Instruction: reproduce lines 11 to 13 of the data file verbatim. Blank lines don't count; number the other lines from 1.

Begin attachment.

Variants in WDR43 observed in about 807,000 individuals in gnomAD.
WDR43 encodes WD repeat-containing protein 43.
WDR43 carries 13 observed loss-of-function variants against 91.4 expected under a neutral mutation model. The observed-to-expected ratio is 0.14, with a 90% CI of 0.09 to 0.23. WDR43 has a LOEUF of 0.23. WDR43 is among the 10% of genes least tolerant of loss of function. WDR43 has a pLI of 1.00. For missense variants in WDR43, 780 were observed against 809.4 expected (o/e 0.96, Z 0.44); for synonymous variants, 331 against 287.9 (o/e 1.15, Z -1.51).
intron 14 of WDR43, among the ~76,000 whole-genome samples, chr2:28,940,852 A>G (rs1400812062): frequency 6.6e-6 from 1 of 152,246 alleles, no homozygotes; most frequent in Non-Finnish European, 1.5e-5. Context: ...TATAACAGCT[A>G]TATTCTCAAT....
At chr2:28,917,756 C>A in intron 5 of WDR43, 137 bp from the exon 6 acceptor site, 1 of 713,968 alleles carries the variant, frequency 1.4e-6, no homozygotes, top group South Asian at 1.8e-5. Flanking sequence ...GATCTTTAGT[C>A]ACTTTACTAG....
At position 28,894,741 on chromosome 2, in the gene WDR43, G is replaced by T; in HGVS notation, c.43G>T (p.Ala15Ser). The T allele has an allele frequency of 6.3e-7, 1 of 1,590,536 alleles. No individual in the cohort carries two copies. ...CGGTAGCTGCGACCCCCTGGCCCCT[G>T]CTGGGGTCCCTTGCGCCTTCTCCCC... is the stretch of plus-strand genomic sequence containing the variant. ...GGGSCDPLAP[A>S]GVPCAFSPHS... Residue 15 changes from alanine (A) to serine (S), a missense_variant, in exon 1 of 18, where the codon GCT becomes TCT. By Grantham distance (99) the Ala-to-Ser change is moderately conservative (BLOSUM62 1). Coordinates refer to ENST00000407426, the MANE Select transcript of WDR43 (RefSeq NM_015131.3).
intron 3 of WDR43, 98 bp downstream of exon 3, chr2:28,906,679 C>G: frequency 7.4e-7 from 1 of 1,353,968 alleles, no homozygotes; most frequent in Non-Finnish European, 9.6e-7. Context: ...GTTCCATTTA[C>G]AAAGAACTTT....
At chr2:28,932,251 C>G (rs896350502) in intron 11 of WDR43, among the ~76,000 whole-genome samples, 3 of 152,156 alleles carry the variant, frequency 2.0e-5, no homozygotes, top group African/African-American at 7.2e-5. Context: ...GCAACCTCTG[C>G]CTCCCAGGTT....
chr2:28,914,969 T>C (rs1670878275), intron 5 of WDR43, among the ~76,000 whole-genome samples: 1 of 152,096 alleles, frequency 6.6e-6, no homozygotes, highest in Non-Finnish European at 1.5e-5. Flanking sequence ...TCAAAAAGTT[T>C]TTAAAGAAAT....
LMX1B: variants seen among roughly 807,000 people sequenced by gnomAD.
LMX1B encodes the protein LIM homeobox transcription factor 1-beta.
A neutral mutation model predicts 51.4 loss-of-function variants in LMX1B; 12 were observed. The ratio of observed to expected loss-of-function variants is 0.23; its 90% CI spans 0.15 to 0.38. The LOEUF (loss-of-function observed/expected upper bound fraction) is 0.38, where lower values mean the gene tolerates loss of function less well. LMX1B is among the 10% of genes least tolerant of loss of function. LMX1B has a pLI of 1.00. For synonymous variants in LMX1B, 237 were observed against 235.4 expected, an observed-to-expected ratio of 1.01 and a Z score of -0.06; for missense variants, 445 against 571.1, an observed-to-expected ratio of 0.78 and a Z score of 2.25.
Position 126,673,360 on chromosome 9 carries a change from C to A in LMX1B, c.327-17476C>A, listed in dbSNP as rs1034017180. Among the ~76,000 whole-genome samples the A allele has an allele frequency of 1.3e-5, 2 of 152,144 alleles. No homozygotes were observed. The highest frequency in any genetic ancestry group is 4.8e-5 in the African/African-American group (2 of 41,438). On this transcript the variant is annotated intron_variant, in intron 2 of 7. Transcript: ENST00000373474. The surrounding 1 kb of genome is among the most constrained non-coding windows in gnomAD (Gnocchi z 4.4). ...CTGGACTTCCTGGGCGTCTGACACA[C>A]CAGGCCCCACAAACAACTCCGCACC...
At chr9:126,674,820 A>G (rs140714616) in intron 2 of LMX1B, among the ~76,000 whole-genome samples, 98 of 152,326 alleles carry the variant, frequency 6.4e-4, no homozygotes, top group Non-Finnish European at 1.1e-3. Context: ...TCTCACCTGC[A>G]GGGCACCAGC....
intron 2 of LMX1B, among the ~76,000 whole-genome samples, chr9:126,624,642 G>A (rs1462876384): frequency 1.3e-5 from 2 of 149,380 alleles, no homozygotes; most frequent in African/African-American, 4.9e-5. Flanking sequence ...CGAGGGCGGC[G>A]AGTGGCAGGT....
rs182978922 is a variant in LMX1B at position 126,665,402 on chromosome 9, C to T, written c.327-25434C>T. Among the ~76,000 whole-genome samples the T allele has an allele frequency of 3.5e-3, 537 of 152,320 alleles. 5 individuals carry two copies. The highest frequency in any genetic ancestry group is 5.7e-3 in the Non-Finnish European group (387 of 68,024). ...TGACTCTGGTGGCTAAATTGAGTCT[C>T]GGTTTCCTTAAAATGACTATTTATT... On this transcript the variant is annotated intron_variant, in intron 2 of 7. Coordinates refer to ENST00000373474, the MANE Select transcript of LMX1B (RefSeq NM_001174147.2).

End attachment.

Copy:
LMX1B encodes the protein LIM homeobox transcription factor 1-beta.
A neutral mutation model predicts 51.4 loss-of-function variants in LMX1B; 12 were observed. The ratio of observed to expected loss-of-function variants is 0.23; its 90% CI spans 0.15 to 0.38. The LOEUF (loss-of-function observed/expected upper bound fraction) is 0.38, where lower values mean the gene tolerates loss of function less well. LMX1B is among the 10% of genes least tolerant of loss of function. LMX1B has a pLI of 1.00. For synonymous variants in LMX1B, 237 were observed against 235.4 expected, an observed-to-expected ratio of 1.01 and a Z score of -0.06; for missense variants, 445 against 571.1, an observed-to-expected ratio of 0.78 and a Z score of 2.25.
Position 126,673,360 on chromosome 9 carries a change from C to A in LMX1B, c.327-17476C>A, listed in dbSNP as rs1034017180. Among the ~76,000 whole-genome samples the A allele has an allele frequency of 1.3e-5, 2 of 152,144 alleles. No homozygotes were observed. The highest frequency in any genetic ancestry group is 4.8e-5 in the African/African-American group (2 of 41,438). On this transcript the variant is annotated intron_variant, in intron 2 of 7. Transcript: ENST00000373474. The surrounding 1 kb of genome is among the most constrained non-coding windows in gnomAD (Gnocchi z 4.4). ...CTGGACTTCCTGGGCGTCTGACACA[C>A]CAGGCCCCACAAACAACTCCGCACC...